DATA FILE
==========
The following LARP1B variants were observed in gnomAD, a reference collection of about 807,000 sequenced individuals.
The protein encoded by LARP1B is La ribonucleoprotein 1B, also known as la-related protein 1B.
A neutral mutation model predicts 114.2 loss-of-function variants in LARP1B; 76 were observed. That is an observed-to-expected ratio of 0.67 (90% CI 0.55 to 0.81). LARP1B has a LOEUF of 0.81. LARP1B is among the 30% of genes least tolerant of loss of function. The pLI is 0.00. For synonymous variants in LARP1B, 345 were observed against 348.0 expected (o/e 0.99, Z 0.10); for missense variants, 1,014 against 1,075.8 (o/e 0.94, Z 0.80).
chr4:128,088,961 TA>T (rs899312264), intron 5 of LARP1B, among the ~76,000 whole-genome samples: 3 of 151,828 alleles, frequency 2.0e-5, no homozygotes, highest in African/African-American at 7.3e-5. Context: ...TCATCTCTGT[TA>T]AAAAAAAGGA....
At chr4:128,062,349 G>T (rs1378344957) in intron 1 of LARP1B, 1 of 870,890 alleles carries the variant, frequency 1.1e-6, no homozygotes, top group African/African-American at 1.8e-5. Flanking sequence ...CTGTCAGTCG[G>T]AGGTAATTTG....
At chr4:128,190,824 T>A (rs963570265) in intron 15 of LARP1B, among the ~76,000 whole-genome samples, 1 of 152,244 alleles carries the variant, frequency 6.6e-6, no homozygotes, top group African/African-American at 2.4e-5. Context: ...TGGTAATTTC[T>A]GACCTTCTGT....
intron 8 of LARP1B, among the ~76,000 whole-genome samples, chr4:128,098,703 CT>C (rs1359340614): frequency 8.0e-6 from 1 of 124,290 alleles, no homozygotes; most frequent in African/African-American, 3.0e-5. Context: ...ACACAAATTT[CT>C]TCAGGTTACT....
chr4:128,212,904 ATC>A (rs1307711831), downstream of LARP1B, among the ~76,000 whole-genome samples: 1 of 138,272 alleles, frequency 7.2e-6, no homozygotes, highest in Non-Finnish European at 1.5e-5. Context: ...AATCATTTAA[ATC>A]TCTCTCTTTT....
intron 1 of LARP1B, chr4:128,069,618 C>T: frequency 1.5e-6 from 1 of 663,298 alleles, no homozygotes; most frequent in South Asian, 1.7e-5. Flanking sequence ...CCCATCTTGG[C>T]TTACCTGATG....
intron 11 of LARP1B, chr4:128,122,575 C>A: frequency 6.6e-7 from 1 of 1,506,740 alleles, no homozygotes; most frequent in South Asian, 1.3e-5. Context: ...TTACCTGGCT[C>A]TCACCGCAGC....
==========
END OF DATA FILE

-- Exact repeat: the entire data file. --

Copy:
The following LARP1B variants were observed in gnomAD, a reference collection of about 807,000 sequenced individuals.
The protein encoded by LARP1B is La ribonucleoprotein 1B, also known as la-related protein 1B.
A neutral mutation model predicts 114.2 loss-of-function variants in LARP1B; 76 were observed. That is an observed-to-expected ratio of 0.67 (90% CI 0.55 to 0.81). LARP1B has a LOEUF of 0.81. LARP1B is among the 30% of genes least tolerant of loss of function. The pLI is 0.00. For synonymous variants in LARP1B, 345 were observed against 348.0 expected (o/e 0.99, Z 0.10); for missense variants, 1,014 against 1,075.8 (o/e 0.94, Z 0.80).
chr4:128,088,961 TA>T (rs899312264), intron 5 of LARP1B, among the ~76,000 whole-genome samples: 3 of 151,828 alleles, frequency 2.0e-5, no homozygotes, highest in African/African-American at 7.3e-5. Context: ...TCATCTCTGT[TA>T]AAAAAAAGGA....
At chr4:128,062,349 G>T (rs1378344957) in intron 1 of LARP1B, 1 of 870,890 alleles carries the variant, frequency 1.1e-6, no homozygotes, top group African/African-American at 1.8e-5. Flanking sequence ...CTGTCAGTCG[G>T]AGGTAATTTG....
At chr4:128,190,824 T>A (rs963570265) in intron 15 of LARP1B, among the ~76,000 whole-genome samples, 1 of 152,244 alleles carries the variant, frequency 6.6e-6, no homozygotes, top group African/African-American at 2.4e-5. Context: ...TGGTAATTTC[T>A]GACCTTCTGT....
intron 8 of LARP1B, among the ~76,000 whole-genome samples, chr4:128,098,703 CT>C (rs1359340614): frequency 8.0e-6 from 1 of 124,290 alleles, no homozygotes; most frequent in African/African-American, 3.0e-5. Context: ...ACACAAATTT[CT>C]TCAGGTTACT....
chr4:128,212,904 ATC>A (rs1307711831), downstream of LARP1B, among the ~76,000 whole-genome samples: 1 of 138,272 alleles, frequency 7.2e-6, no homozygotes, highest in Non-Finnish European at 1.5e-5. Context: ...AATCATTTAA[ATC>A]TCTCTCTTTT....
intron 1 of LARP1B, chr4:128,069,618 C>T: frequency 1.5e-6 from 1 of 663,298 alleles, no homozygotes; most frequent in South Asian, 1.7e-5. Flanking sequence ...CCCATCTTGG[C>T]TTACCTGATG....
intron 11 of LARP1B, chr4:128,122,575 C>A: frequency 6.6e-7 from 1 of 1,506,740 alleles, no homozygotes; most frequent in South Asian, 1.3e-5. Context: ...TTACCTGGCT[C>A]TCACCGCAGC....